After her dreadful defences of negative gearing in July and September (thoroughly debunked here and here), The Australian’s Judith Sloan has returned with another abusive post aimed squarely at us “lefty” doomsayers that dare question the merits of Australia’s famed tax expenditures on investment property.
Let’s take a look at Sloan’s latest installment:
HERE we go again. If only the government were to ditch negative gearing on residential real estate then our budget woes would disappear…
Who is calling for this? The Fairfax dailies — whose diminishing number of readers without doubt own geared rental properties at a much higher rate than the population.
Way to start with the strawman arguments, Judith. Who has claimed that Australia’s budget woes would “disappear” if negative gearing was abolished? No one that I know of. Yes, ‘abolishing’ negative gearing would certainly have a positive budget impact – $2 billion per annum according to the Grattan Institute – but it is no budget panacea.
As for your claim that the campaign to abolish negative gearing is some kind of Fairfax conspiracy, get a grip. Did you not read the Final Report of the Murray Financial System Inquiry, which argued for the removal of negative gearing and capital gains tax concessions on investment homes, with David Murray himself claiming that these concessions “drives up prices” and “does nothing to help affordability of homes”.
Moreover, on balance, Fairfax property coverage is in toto notorious for its favourable coverage.
Back to Sloan:
Being able to deduct costs associated with investing in an income-producing asset has always been part of the tax code. It does not simply apply to housing.
To eliminate negative gearing would be to introduce double taxation. The flip side of an investor taking a loan to buy an asset is a lender providing the loan. And that lender pays taxation on the associated profit.
Let’s get something straight. What most opponents of negative gearing are seeking is the quarantining of negative gearing losses on all assets – so that interest and other costs related to an asset can only be offset against the same asset’s income. It is also what happened when the Hawke Government temporarily ‘abolished’ negative gearing between 1985 and 1987. Such tax treatment is standard practice across most developed nations, which do not allow costs related to an investment to be deducted against non-related income (e.g. wages and salary). Australia and New Zealand are outliers in this regard.
Sloan’s argument that “the flip side of an investor taking a loan to buy an asset is a lender providing the loan” and that to disallow the cost of borrowing by investors would amount to “double taxation” is ridiculous.
Using this logic, the private health insurance rebate is not really a cost to the budget, since it is income in the hands of health funds that in turn pay tax to the government. Using the same logic, childcare should be made tax deductible, since childcare centres would earn higher profits, part of which would also be remitted back to the government via company tax (not to mention the extra income taxes paid by childcare workers). To do otherwise would amount to double-taxation, according to Sloan’s twisted logic.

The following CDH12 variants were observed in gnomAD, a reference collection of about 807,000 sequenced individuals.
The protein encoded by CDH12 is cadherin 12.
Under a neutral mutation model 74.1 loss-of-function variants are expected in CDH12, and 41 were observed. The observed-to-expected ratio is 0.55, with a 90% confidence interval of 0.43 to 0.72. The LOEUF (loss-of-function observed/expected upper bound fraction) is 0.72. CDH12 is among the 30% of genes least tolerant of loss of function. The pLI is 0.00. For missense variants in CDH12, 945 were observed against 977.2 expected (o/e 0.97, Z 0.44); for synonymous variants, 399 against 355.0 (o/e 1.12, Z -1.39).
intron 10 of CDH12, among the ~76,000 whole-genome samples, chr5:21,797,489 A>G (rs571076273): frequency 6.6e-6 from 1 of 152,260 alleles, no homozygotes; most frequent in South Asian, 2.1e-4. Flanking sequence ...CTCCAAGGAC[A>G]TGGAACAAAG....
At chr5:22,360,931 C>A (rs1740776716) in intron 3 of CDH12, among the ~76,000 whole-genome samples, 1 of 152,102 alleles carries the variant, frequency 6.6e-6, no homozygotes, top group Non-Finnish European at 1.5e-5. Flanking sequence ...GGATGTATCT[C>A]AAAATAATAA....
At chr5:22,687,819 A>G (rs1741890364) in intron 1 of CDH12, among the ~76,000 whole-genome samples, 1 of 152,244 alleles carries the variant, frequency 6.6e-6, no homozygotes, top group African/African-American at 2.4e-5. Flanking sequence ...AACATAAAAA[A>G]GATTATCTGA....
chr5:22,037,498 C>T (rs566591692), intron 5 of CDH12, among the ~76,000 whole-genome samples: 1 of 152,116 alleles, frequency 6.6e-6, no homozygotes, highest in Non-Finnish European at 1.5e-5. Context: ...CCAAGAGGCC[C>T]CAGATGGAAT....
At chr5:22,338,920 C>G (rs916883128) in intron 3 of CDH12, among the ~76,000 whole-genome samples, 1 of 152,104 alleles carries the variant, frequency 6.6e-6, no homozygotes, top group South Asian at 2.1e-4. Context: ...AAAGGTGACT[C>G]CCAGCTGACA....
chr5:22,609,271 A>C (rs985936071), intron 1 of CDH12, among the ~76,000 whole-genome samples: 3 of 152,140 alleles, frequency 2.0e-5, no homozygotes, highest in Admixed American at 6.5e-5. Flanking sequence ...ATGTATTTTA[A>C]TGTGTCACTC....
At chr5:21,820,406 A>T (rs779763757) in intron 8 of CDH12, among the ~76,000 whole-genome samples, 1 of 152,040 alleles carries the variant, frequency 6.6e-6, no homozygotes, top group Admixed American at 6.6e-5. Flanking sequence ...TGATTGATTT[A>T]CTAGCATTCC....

On this point, Sloan also fails to acknowledge that the extra house price inflation caused by negative gearing also means home buyers have to take-out bigger loans and pay more loan interest which, while beneficial to the banks, limits their expenditure elsewhere in the economy, in turn crimping the profits (and tax paid) by other sectors.
Back to Sloan:
To eliminate or restrict negative gearing on residential property would lead to a massive dislocation in the property market. It would hurt renters and affect the incentive for developers to invest in new residential property.
Another classic straw man argument from Sloan. Again, most opponents argue that negative gearing should be quarantined for all assets/investments, not just housing, as was the case when the Hawke Government temporarily ‘abolished’ negative gearing between 1985 and 1987.
As for the claim that eliminating negative gearing would damage the rental market and dampen development, where is Sloan’s evidence?
What the data does show is that the last time negative gearing was abolished – between June 1985 and September 1987 – there was absolutely zero impact on rents (shown in red), with much higher rental growth experienced both before and after the policy change (charts at the individual state level are available here):
Reserve Bank of Australia data also clearly shows that the proportion of investors constructing new dwellings has fallen spectacularly since negative gearing was re-introduced in September 1987:
Again, only ill-informed and illogical commentary in this debate from Ms Sloan.
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